What specifically should I look for in the topography of the land for optimal construction of a water wheel? I am not as interested in the calculations of the energy output here, and I understand that different style wheels work better than others based on case by case circumstance; but in this case I am choosing the land prior to constructing the wheel, thus I am more interested in assessing/comparing various parcels of land for optimal use of micro hydro energy production on a relatively small parcel of 4-6 acres or so. I understand creating head is essential and am pursuing only property with with creeks on a sloping/foothill terrain, but what additional features in the land should I look for when procuring such a small portion of land along a creek or stream? What are the designs or pitfalls of diverting and returning water to the source? Is it best to try to divert water in as straight a line as possible or can you use a right angle after the water travels away from the wheel? Do particular diversion methods work better for shorter vs longer lengths? For faster/slower moving water? For shallow/deeper water sources? Does PVC pipe serve better than open carriers? Etc. I would imagine the side of the water source that exhibits more flood plain indicates topography that is lower and thus would naturally divert water with less resistance, but then returning the water to the original source might be more challenging or require a longer path. So is it better to construct on a the side with less flood plain? That may require a deeper trench or diversion path but a shorter distance to return the water to the original source? It seems less costly to dig…. unless there is rock and improving the terrain to suite my needs might then require costly outsourcing of equipment that I would rather not get into, (unless I can do it myself? as a 120 lb female who does not own or frequently use larger construction machinery etc.) A natural bend in the stream seems convenient but may not be realistic on such a small parcel. Its easy to say, ‘Buy property with a stream or creek that has sloping topography’, but a bit more challenging to look at several parcels with mediocre potential and have a good understanding of the comparative energy production potential without going out and getting a survey for each prospective parcel right off the bat. Opinions on how to work with the land to create optimal head with efficient use of construction and materials is welcome… please.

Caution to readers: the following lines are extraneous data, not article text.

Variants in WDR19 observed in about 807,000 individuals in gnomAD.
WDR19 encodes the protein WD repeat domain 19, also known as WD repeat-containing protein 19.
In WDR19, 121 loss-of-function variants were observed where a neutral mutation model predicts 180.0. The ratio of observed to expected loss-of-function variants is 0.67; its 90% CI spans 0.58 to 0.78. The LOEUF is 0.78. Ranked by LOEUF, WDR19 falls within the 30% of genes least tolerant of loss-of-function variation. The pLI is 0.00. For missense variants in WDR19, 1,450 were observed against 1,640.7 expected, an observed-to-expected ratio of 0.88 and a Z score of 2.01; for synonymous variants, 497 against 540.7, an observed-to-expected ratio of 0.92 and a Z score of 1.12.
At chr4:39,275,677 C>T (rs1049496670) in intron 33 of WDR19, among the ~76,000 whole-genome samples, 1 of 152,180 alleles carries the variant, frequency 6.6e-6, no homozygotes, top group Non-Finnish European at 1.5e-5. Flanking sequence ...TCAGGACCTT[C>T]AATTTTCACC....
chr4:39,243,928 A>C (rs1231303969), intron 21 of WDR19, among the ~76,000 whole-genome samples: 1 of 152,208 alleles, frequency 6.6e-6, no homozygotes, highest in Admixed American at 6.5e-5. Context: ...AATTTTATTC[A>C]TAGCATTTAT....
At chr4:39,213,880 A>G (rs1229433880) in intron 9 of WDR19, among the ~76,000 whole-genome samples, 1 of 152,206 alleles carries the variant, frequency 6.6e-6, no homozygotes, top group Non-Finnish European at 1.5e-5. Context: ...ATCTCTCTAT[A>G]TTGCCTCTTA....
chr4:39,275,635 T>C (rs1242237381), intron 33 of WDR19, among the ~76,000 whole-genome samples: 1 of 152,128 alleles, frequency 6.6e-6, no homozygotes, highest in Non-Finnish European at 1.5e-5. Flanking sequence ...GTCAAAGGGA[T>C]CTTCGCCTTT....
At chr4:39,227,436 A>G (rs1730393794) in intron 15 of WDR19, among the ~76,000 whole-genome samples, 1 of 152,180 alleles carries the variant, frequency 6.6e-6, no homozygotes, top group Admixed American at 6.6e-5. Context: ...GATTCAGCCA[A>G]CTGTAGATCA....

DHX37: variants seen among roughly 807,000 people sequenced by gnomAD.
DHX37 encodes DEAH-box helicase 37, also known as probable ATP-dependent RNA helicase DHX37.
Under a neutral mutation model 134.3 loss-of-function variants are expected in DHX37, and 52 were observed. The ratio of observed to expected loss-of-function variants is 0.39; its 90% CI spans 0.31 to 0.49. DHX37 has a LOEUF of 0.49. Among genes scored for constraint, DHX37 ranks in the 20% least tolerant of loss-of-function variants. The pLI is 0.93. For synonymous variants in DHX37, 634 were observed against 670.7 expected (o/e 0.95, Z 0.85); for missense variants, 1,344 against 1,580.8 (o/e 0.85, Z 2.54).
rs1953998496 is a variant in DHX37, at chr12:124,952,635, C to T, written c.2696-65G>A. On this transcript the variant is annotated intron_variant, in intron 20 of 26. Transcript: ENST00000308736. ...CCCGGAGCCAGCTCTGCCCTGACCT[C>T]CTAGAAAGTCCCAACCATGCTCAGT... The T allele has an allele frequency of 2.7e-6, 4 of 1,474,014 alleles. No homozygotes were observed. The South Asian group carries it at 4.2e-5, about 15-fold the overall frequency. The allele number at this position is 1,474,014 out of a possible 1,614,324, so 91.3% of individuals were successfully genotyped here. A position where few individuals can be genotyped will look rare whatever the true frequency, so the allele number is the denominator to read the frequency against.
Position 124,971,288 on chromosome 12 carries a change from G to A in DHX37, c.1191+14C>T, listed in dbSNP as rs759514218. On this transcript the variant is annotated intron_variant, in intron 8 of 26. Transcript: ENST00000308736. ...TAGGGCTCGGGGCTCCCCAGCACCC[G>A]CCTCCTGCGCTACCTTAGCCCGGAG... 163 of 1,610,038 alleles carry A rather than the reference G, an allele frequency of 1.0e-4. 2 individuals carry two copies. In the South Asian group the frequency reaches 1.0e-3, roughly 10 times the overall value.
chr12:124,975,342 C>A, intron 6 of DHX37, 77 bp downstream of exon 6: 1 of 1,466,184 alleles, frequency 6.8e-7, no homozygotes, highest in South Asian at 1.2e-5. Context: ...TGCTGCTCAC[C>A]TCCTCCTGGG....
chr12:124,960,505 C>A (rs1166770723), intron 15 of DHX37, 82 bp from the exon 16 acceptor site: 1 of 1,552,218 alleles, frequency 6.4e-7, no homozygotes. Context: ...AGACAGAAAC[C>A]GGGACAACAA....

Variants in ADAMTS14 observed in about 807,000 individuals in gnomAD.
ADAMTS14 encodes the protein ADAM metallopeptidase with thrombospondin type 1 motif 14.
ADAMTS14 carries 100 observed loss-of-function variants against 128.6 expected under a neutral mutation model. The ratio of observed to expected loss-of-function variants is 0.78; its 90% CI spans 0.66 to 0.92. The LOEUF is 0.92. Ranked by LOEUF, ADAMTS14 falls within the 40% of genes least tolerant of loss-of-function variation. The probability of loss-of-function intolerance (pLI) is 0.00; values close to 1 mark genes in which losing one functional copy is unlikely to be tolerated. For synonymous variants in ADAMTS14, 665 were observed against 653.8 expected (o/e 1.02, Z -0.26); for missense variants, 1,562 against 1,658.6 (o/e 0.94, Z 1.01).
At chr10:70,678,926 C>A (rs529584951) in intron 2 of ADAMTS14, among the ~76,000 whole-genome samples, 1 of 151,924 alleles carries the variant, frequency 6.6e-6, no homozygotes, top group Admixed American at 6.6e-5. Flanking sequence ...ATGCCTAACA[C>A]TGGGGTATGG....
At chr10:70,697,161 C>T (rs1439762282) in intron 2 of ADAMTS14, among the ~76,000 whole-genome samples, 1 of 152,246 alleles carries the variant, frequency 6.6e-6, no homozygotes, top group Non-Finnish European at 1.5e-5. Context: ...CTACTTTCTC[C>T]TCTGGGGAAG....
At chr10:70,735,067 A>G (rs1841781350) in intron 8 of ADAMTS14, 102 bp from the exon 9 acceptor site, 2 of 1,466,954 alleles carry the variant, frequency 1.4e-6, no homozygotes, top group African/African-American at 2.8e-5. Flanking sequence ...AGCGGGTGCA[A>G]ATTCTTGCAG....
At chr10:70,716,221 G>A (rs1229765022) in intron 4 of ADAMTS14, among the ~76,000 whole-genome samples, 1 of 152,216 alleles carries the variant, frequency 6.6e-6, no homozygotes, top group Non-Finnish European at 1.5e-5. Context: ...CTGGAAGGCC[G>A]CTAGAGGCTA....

3. Brian Brian says:

    Coupd I make like a makeshift fountain with a nice water pump to create a water current then plug the pump into what’s generated?

  4. Beau Lyons Beau Lyons says:

    what is the best and less costly way of increasing rpm from a waterwheel, very few if any manufacturers produce a rpm increasing gearbox. can i use a rpm decreasing gearbox in reverse.,

  5. Mohsin Qureshi Mohsin Qureshi says:

    Hello I’m designing an undershot water wheel to install in a canal where flow rate of water is about 1.5 m3/s. Can anyone suggest me the optimal size of water wheel which will give maximum RPMs at this situation.

  6. albert albert says:

    i would like to know what are the related formulas needed to design a undershot water wheel.

    • The design of your vertical undershot waterwheel will depend on many factors including:
      The velocity of the water below the wheel
      The depth of the wheel in the water
      The diameter of the wheel
      The number of paddles in the wheel

      All these factors dictate the rotational velocity of the wheels shaft, and ultimately its power output and efficiency.

      Although easy to build, a major disadvantage of the undershot wheel is the variability in the river’s water level because if the water level falls too much the wheel may be entirely out of the water, making it useless. A breast waterwheel is more efficient as it uses both the kinetic and potential water energy to drive the wheel as the water enters at or near the mid-point (breast) of the wheel.

    • Phil Phil says:

      Hi Albert,

      The key elements I look for are volume and velocity throughout the year (availability).

      The formula for potential is Pth=1/2Q*M*V2 (V squared).

      Our system in a run of the river configuration averages ~35%-40% efficiency (water to wire).

      I would try to keep the diameter of the wheel at least 4x the blade, but you may want larger to increase torque. The number of blades will need to reflect the diameter and depth.